Create a global gemset
This is where things begin to get a little tricky. What we’re going to do is create a globalgemset that contains gems that will be used across multiple projects, then a project-specificgemset for each of our Rails applications. To begin, let’s make our global gemset:
$ rvm gemset create global
$ rvm use @global
What you put in @global is up to you, but try to keep it clean. Since the point of this exercise is to maintain separate development environments for Rails 2.3 and Rails 3, don’t install any frameworks in @global. Here I’m just loading some necessities. We’ll get to a project-specific gemset momentarily.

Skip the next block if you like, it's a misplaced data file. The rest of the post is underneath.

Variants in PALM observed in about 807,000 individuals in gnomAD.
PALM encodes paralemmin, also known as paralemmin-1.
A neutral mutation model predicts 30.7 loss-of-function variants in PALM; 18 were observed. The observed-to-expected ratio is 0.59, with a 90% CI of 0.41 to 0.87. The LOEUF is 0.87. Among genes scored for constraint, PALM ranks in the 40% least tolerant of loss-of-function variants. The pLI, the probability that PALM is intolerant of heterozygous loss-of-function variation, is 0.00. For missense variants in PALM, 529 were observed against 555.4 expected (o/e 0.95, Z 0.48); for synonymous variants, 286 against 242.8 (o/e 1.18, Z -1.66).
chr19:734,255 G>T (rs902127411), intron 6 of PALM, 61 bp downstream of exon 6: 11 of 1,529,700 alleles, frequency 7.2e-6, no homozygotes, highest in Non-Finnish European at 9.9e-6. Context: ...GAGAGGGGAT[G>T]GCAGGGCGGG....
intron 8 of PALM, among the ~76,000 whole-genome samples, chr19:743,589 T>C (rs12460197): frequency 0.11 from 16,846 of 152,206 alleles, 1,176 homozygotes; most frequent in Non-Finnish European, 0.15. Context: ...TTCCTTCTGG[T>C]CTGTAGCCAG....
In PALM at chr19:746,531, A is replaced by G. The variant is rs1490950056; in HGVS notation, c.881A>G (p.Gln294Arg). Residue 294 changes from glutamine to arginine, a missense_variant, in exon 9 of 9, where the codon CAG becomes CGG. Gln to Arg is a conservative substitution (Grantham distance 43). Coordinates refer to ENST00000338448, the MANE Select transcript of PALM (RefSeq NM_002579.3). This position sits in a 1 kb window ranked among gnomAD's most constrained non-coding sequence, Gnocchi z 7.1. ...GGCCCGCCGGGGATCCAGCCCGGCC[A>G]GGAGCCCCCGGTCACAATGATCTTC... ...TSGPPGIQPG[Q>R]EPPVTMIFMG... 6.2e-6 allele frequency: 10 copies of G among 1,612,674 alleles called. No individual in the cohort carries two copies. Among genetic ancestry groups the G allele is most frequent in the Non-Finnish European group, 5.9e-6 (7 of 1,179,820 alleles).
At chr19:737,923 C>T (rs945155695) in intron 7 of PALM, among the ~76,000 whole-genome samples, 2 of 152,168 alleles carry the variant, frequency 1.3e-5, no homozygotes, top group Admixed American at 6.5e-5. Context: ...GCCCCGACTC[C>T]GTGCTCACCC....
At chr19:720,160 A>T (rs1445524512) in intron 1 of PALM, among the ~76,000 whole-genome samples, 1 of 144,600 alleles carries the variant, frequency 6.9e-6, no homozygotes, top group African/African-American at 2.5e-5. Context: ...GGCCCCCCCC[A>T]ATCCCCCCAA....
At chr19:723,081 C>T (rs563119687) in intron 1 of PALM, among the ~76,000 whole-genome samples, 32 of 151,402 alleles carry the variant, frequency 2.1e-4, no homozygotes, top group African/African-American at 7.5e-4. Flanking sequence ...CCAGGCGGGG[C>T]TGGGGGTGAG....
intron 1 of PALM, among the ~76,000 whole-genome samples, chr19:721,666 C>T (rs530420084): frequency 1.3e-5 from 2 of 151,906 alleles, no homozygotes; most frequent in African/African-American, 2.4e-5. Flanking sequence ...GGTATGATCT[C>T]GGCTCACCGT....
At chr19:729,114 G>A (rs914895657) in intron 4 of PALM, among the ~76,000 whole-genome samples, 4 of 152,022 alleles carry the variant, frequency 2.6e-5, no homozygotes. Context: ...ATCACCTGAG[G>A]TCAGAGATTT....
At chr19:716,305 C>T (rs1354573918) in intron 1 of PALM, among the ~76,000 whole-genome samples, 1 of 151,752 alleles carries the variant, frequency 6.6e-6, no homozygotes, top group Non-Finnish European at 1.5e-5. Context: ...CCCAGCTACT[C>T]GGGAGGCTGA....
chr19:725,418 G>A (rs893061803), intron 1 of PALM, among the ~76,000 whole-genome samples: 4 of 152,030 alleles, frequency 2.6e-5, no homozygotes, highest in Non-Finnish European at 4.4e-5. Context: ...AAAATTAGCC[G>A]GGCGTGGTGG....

$ gem install bundler mongrel capistrano hirb wirble
Set up your project
Thanks to Bundler, getting your Rails 3 projects configured to use your new development environment should be fairly straightforward.
First, we’ll create another gemset; this one will be specific to our Rails 3 project. Replacerails3_project with a gemset name that makes more sense for your project:
$ rvm gemset create rails3_project
$ rvm use @rails3_project
Next, create a
.rvmrc file at the root of your Rails 3 application. It will look something like this:
You can install gems with bundler from your Gemfile and skip a certain environment with
bundle install --without test
To skip multiple environments do
bundle install --without test --without development
This of course assumes you have a a gemfile something like:
group :development, :test do
group :test do
gem "rspec", ">= 2.0.0.beta.19"
Also, Michael points out that you can skip the slow “Fetching source index for http://rubygems.org/” by using “—no-update-sources”